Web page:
Q: I’ve got a chart with just the parts and I’m re-constructing a score. I want to enter the notes as they are without going through transposing. Is there a way to just enter the notes onto a transposed score? It seems like there must be an easy way to do this. Any help would be greatly appreciated. Thanks . . .
A: I’ll walk through the steps for creating a score from an existing set of printed parts in both Finale and Sibelius. You can create a new score from existing transposed parts in either program, but as you’ll see, one notation program has a clear advantage in this particular area.
If you are like me, you may have trouble remembering some of the keystrokes required to enter certain chord symbols into Finale, especially when you start getting into some of the alterations.
For either the Handwritten or Engraved Styles, many chord suffixes are simple to enter, because you can just type in the suffix as you would any string of text, and as you do so, Finale creates the proper chord suffix. For instance, in the Handwritten Style, you can type in “Cmaj7” or “C7(b9)” and you’ll get nice looking chord symbols with the proper vertical alignment both suffixes:
A few years ago, I created two special “Scratchpad” files, one for Finale (.mus) and one for Sibelius (.sib). It was a handy way to quickly copy and paste common notation building blocks which can take time to create, like drum set patterns, from one score into another.
The Ideas Library of Sibelius 7 offers a much better way to collect and organize these building blocks – and it’s integrated right into Sibelius. To start with, you have access to a large number of built-in musical motifs you can use to create new music (Preferences>Ideas>Show Built-in-ideas), and you can add and edit your own.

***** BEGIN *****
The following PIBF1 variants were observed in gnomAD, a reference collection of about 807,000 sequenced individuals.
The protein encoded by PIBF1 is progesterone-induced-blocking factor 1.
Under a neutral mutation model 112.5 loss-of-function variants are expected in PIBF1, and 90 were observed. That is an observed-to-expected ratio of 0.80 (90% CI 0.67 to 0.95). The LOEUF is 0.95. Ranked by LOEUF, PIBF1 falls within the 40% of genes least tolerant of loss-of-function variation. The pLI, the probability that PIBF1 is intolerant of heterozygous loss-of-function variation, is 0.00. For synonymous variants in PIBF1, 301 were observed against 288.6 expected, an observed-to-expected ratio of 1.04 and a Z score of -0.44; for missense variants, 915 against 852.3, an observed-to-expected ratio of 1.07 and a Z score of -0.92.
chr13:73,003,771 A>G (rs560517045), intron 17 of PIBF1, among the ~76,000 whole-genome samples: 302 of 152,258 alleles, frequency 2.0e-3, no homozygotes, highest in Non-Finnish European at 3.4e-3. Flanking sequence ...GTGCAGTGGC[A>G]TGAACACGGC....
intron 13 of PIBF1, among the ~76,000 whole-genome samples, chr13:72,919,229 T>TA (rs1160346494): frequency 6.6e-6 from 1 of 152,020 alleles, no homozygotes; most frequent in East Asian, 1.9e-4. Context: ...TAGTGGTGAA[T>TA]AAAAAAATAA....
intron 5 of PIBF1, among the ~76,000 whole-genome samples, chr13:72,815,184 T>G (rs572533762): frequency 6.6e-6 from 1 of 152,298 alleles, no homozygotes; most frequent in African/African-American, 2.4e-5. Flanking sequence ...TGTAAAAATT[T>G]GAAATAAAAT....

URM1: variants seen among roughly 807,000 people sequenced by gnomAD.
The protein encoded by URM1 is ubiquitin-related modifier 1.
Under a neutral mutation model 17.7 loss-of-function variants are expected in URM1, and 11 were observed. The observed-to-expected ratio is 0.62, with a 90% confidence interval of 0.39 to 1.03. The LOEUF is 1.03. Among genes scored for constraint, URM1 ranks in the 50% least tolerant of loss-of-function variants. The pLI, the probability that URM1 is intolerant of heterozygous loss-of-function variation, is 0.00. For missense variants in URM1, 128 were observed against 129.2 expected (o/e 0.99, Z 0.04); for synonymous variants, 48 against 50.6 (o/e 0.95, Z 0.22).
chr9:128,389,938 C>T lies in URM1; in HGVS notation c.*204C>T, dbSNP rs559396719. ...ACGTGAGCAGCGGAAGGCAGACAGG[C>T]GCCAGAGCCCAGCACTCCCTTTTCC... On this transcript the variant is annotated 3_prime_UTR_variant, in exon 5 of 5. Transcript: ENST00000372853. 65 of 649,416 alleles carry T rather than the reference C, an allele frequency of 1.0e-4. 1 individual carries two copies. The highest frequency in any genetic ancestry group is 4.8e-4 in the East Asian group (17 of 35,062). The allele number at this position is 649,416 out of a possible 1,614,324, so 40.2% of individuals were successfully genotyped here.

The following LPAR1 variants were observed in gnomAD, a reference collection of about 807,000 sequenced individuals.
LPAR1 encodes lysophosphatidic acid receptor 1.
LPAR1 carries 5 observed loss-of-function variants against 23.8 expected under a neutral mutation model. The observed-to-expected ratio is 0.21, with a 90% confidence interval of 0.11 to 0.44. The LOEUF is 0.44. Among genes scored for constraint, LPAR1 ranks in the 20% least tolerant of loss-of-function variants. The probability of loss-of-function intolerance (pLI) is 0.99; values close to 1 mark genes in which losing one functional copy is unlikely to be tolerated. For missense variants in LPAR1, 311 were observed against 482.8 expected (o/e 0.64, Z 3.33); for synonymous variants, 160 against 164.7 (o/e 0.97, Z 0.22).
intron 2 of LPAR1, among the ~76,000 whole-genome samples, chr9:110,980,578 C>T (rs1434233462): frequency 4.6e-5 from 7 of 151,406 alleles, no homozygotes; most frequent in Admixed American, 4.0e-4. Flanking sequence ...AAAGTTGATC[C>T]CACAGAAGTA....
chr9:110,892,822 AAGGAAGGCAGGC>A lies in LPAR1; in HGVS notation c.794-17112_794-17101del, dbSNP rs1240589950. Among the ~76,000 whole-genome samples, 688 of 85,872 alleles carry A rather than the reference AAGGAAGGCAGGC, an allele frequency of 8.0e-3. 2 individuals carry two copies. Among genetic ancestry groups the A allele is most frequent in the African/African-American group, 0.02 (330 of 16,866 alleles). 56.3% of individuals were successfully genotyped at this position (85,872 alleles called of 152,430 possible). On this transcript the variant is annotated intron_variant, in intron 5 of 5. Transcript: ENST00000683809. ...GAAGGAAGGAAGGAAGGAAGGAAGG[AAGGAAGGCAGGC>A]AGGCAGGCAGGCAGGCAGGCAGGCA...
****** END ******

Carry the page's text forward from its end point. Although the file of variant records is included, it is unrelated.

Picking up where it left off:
In this YouTube video from back in 2008, Daniel Spreadbury gives an excellent demonstration of the original “Ideas Hub”, as it was called when it was first introduced in Sibelius 5:
However, to this day, I’m surprised at how many Sibelius users think of the Ideas feature as nothing more than a “Musical Clip Art” feature – fun to play with, but not a tool for serious professional use. You might be surprised to learn that the Sibelius Ideas feature is a powerful scratchpad that has the power to transform the way you work. Let’s take a closer look:
Q: “In Finale, I have notated the starting and ending notes of a gliss which is in C minor. The full version of TGTOOLS has the Harp Pedaling… plugin, but since I’m not displaying enough pitches at this point in the score to outline the C minor tonality, I can’t get the plugin to work. Can I manually type in the harp pedal marking for C minor as text into Finale?”
A: Yes. To indicate the pedal changes at the start of a piece or new section, there are two standard conventions:
Q: “In Sibelius, I have notated the starting and ending notes of a gliss which is in C minor. I tried the Add Harp Pedal Diagrams plugin, but since I’m not displaying enough pitches at this point in the score to outline the C minor tonality, I can’t get it to work. I would just like to manually type in a harp pedal marking for C minor as text into Sibelius. How can I do this?”
A: To indicate the pedal changes at the start of a piece or new section, there are two standard conventions:
Sibelius has a very useful feature called Text Wildcards. These wildcards use the information from the fields in File>(Score)Info to display text on the page.
One advantage of using Text Wildcards is that you only need to type the actual text into the Sibelius file in one location – File>(Score)Info. Anywhere the wildcard appears, the text is dynamically updated instantly.